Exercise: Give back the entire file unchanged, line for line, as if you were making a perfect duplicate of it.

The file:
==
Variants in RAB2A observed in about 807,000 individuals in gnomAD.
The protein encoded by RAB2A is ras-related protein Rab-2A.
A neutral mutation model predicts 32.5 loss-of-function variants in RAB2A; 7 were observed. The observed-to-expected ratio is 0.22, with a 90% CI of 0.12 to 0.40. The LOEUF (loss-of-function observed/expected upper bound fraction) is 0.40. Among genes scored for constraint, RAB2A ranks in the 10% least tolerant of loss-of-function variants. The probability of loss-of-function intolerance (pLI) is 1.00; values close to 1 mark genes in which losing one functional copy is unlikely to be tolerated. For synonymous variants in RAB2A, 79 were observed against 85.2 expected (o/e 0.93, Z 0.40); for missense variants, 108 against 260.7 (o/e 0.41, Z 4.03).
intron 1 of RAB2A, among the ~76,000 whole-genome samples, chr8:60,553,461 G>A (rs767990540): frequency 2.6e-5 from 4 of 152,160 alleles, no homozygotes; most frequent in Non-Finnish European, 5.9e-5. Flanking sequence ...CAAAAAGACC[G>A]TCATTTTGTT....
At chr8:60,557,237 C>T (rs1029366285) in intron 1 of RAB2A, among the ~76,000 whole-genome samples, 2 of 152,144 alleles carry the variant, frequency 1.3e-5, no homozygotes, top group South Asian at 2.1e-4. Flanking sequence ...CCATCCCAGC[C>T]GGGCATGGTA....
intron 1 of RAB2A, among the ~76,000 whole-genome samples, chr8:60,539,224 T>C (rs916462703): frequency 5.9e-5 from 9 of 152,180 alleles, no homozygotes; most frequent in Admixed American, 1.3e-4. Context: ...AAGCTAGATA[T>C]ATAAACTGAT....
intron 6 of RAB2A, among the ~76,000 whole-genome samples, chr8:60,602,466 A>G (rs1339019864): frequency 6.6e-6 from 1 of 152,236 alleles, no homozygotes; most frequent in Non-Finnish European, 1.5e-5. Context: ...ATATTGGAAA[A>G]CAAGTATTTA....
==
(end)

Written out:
Variants in RAB2A observed in about 807,000 individuals in gnomAD.
The protein encoded by RAB2A is ras-related protein Rab-2A.
A neutral mutation model predicts 32.5 loss-of-function variants in RAB2A; 7 were observed. The observed-to-expected ratio is 0.22, with a 90% CI of 0.12 to 0.40. The LOEUF (loss-of-function observed/expected upper bound fraction) is 0.40. Among genes scored for constraint, RAB2A ranks in the 10% least tolerant of loss-of-function variants. The probability of loss-of-function intolerance (pLI) is 1.00; values close to 1 mark genes in which losing one functional copy is unlikely to be tolerated. For synonymous variants in RAB2A, 79 were observed against 85.2 expected (o/e 0.93, Z 0.40); for missense variants, 108 against 260.7 (o/e 0.41, Z 4.03).
intron 1 of RAB2A, among the ~76,000 whole-genome samples, chr8:60,553,461 G>A (rs767990540): frequency 2.6e-5 from 4 of 152,160 alleles, no homozygotes; most frequent in Non-Finnish European, 5.9e-5. Flanking sequence ...CAAAAAGACC[G>A]TCATTTTGTT....
At chr8:60,557,237 C>T (rs1029366285) in intron 1 of RAB2A, among the ~76,000 whole-genome samples, 2 of 152,144 alleles carry the variant, frequency 1.3e-5, no homozygotes, top group South Asian at 2.1e-4. Flanking sequence ...CCATCCCAGC[C>T]GGGCATGGTA....
intron 1 of RAB2A, among the ~76,000 whole-genome samples, chr8:60,539,224 T>C (rs916462703): frequency 5.9e-5 from 9 of 152,180 alleles, no homozygotes; most frequent in Admixed American, 1.3e-4. Context: ...AAGCTAGATA[T>C]ATAAACTGAT....
intron 6 of RAB2A, among the ~76,000 whole-genome samples, chr8:60,602,466 A>G (rs1339019864): frequency 6.6e-6 from 1 of 152,236 alleles, no homozygotes; most frequent in Non-Finnish European, 1.5e-5. Context: ...ATATTGGAAA[A>G]CAAGTATTTA....